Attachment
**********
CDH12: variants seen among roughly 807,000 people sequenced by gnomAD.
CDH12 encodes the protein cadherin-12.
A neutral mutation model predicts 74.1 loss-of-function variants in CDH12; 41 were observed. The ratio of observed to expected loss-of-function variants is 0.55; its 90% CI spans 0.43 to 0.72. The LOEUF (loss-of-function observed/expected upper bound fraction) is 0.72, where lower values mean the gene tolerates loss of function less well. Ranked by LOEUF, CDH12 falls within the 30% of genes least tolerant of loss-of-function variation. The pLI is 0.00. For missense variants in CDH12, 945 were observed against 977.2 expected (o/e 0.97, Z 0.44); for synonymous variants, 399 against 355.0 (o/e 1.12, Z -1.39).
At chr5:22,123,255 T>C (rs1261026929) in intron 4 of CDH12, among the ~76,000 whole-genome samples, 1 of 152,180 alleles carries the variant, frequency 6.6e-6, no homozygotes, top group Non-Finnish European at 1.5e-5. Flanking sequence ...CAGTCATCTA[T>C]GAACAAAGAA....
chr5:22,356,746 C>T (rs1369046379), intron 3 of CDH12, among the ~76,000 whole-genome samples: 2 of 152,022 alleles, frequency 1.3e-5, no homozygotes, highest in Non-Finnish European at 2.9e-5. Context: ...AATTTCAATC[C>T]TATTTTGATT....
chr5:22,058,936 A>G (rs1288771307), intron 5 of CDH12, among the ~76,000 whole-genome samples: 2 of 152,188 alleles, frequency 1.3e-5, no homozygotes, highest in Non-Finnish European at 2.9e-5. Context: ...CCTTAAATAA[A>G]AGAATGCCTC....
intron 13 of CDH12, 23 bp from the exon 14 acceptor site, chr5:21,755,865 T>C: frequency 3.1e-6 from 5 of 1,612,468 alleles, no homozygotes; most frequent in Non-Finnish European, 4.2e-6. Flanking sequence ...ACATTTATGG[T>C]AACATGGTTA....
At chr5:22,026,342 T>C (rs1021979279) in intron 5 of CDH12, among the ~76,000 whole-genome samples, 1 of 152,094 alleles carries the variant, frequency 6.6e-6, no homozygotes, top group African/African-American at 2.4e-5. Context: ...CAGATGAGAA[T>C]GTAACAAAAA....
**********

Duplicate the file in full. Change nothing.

CDH12: variants seen among roughly 807,000 people sequenced by gnomAD.
CDH12 encodes the protein cadherin-12.
A neutral mutation model predicts 74.1 loss-of-function variants in CDH12; 41 were observed. The ratio of observed to expected loss-of-function variants is 0.55; its 90% CI spans 0.43 to 0.72. The LOEUF (loss-of-function observed/expected upper bound fraction) is 0.72, where lower values mean the gene tolerates loss of function less well. Ranked by LOEUF, CDH12 falls within the 30% of genes least tolerant of loss-of-function variation. The pLI is 0.00. For missense variants in CDH12, 945 were observed against 977.2 expected (o/e 0.97, Z 0.44); for synonymous variants, 399 against 355.0 (o/e 1.12, Z -1.39).
At chr5:22,123,255 T>C (rs1261026929) in intron 4 of CDH12, among the ~76,000 whole-genome samples, 1 of 152,180 alleles carries the variant, frequency 6.6e-6, no homozygotes, top group Non-Finnish European at 1.5e-5. Flanking sequence ...CAGTCATCTA[T>C]GAACAAAGAA....
chr5:22,356,746 C>T (rs1369046379), intron 3 of CDH12, among the ~76,000 whole-genome samples: 2 of 152,022 alleles, frequency 1.3e-5, no homozygotes, highest in Non-Finnish European at 2.9e-5. Context: ...AATTTCAATC[C>T]TATTTTGATT....
chr5:22,058,936 A>G (rs1288771307), intron 5 of CDH12, among the ~76,000 whole-genome samples: 2 of 152,188 alleles, frequency 1.3e-5, no homozygotes, highest in Non-Finnish European at 2.9e-5. Context: ...CCTTAAATAA[A>G]AGAATGCCTC....
intron 13 of CDH12, 23 bp from the exon 14 acceptor site, chr5:21,755,865 T>C: frequency 3.1e-6 from 5 of 1,612,468 alleles, no homozygotes; most frequent in Non-Finnish European, 4.2e-6. Flanking sequence ...ACATTTATGG[T>C]AACATGGTTA....
At chr5:22,026,342 T>C (rs1021979279) in intron 5 of CDH12, among the ~76,000 whole-genome samples, 1 of 152,094 alleles carries the variant, frequency 6.6e-6, no homozygotes, top group African/African-American at 2.4e-5. Context: ...CAGATGAGAA[T>C]GTAACAAAAA....